To determine how lesions and pain are related, the UB researchers teamed up with researchers at the University of Michigan, who Taylor says are experts in the brain’s perception of pain and central sensitization or nociplastic pain, which is a quality of pain that does not arise from an identifiable injury or lesion.

The UB team of scientists has studied the biology of the uterus and endometriosis lesions for decades and now focuses on how nerves present in those tissues are peripheral generators of pelvic pain.

Only in the past 20 years has it been established that the density of nerves in endometriosis lesions and the endometrium (the inner lining of the uterus) is higher in women with endometriosis.

“This led us to propose that this phenomenon might be explained by the excessive expression of neurotrophins, proteins that stimulate the growth and migration of neurons,” Taylor says. “This paper addresses the molecular pathways that are activated in endometriosis and offer new targets for therapy.”

Using established neural biomarkers isolated from endometrial tissue biopsies obtained from eight adult women (four patients with endometriosis and four without), the researchers were looking to identify biochemical mediators of endometriosis-associated pelvic pain. They used immunofluorescence histochemistry, a technique that visualizes parts of a cell with fluorescently labeled antibodies, to confirm that neurons are present in human endometrial tissue. Endometrial stromal cells isolated from the issue expressed neurotrophins and their receptors.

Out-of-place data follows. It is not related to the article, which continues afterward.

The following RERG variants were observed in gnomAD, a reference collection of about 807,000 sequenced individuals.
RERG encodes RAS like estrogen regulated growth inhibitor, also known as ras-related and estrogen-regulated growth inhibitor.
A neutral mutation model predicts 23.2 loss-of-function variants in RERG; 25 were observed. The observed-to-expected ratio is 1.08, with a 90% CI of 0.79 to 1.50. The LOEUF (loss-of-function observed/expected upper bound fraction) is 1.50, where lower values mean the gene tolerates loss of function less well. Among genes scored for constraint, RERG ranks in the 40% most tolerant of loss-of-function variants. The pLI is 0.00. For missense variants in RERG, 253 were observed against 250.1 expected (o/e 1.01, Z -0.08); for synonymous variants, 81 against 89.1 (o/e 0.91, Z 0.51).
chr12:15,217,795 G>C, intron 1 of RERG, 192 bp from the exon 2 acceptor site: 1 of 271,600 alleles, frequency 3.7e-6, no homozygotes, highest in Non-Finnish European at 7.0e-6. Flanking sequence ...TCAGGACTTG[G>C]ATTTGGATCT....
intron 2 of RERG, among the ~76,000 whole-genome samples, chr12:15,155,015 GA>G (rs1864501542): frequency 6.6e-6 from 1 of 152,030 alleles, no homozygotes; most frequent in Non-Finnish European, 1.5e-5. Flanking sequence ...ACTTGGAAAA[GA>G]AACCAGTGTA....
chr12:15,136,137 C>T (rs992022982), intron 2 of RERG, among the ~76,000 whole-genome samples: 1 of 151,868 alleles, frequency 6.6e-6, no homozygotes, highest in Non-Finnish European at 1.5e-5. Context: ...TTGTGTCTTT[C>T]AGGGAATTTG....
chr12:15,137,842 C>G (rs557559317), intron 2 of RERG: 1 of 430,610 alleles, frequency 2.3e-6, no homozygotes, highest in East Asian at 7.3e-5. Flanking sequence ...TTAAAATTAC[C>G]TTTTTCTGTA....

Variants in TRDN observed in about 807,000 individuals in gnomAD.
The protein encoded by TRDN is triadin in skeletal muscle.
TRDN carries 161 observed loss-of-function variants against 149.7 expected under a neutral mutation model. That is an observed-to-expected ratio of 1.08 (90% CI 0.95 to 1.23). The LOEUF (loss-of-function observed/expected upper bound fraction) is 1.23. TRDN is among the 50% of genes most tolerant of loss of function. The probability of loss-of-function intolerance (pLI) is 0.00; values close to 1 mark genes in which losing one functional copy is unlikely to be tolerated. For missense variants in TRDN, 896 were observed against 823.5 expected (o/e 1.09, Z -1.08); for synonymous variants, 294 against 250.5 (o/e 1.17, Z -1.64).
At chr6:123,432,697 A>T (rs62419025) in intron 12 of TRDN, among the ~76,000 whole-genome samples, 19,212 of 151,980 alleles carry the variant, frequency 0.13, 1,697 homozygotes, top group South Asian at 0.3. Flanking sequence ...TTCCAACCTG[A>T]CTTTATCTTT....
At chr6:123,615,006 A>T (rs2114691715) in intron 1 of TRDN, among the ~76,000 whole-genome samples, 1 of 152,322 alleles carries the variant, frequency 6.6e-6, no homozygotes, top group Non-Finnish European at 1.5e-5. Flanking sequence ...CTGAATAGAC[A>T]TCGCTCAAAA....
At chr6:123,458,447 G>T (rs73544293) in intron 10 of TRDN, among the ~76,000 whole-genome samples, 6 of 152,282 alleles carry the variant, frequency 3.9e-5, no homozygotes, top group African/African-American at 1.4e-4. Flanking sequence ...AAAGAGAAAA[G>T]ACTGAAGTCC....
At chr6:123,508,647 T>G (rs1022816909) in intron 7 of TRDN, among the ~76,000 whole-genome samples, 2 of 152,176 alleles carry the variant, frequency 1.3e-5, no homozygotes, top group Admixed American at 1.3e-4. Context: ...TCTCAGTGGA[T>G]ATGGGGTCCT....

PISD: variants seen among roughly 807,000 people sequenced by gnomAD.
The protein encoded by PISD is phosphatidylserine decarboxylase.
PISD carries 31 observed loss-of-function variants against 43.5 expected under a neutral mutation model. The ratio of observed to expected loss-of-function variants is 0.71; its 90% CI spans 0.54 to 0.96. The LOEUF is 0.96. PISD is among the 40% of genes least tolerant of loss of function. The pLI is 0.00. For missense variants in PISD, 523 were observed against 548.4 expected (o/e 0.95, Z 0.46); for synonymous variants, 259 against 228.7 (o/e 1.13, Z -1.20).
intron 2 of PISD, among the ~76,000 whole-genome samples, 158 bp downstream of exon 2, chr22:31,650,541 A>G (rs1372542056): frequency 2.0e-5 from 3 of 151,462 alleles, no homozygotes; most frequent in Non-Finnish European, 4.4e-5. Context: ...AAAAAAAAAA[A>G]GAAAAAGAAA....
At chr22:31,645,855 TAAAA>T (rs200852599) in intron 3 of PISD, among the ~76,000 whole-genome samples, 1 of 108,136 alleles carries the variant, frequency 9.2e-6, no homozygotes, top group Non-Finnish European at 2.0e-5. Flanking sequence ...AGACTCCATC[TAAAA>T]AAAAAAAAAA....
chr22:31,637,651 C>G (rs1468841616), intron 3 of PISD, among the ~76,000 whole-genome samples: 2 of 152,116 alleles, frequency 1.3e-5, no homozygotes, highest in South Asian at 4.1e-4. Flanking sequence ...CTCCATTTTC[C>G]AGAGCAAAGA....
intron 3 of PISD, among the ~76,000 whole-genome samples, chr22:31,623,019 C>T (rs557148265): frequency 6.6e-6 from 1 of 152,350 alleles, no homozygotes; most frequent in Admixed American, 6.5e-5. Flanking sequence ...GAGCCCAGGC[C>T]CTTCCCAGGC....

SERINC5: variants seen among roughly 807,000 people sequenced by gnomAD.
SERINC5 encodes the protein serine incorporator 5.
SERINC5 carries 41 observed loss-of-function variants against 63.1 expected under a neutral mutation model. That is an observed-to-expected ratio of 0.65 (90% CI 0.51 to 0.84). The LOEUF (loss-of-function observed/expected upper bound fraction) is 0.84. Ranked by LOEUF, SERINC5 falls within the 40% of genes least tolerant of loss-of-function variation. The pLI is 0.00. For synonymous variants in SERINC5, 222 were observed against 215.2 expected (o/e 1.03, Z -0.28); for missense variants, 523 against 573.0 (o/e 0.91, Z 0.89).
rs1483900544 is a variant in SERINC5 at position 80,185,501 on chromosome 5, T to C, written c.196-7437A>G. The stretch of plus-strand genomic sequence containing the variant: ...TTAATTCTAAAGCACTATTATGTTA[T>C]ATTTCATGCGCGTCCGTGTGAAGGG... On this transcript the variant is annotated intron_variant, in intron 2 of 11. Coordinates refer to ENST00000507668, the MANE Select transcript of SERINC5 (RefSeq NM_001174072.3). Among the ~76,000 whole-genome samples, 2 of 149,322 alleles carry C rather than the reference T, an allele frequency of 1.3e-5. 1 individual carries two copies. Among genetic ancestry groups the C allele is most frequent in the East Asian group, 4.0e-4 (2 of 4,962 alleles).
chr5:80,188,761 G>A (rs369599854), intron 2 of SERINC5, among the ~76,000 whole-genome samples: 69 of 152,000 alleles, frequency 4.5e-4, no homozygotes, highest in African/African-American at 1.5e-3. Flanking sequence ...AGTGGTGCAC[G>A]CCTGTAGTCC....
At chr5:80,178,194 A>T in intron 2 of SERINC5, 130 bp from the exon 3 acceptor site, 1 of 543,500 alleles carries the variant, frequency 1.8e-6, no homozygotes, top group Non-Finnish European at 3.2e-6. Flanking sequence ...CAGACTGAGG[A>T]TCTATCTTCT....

The researchers propose that IL-1β, a potent inflammatory protein, activates a membrane receptor in endometrial stromal cells, predominantly through the c-Jun N-terminal kinase (JNK) pathway, to promote neurotrophin and neurotrophin receptor production and signaling. That increase, in turn, activates the development of new neurons in the brain, which can potentially create a vicious cycle of inflammation and perceived pelvic pain.

The researchers also found that tropomyosin receptor kinase A/B expression, one of the main neurotrophin receptors in endometrium, was almost twice as high in cells from patients with endometriosis than in those from control subjects, an increase that also is mediated through the JNK pathway.

“We therefore postulate that clinical trials using JNK inhibitors have the potential to reduce neuroinflammation in women with endometriosis,” says Taylor.

“It is our hope that by identifying and correlating peripheral and central generators of pain, we can come up with new pharmacological approaches for treating endometriosis symptoms,” Taylor says. 

“Targeted therapies of the future have the promise of blocking nerve growth and pain transmission, ideally without compromising endocrine function,” he says. “This is the ultimate goal of our research.”

UB co-authors include Sarah L. Berga, MD, chair of the Department of Obstetrics and Gynecology in the Jacobs School and Jie Yu, research associate professor in the department.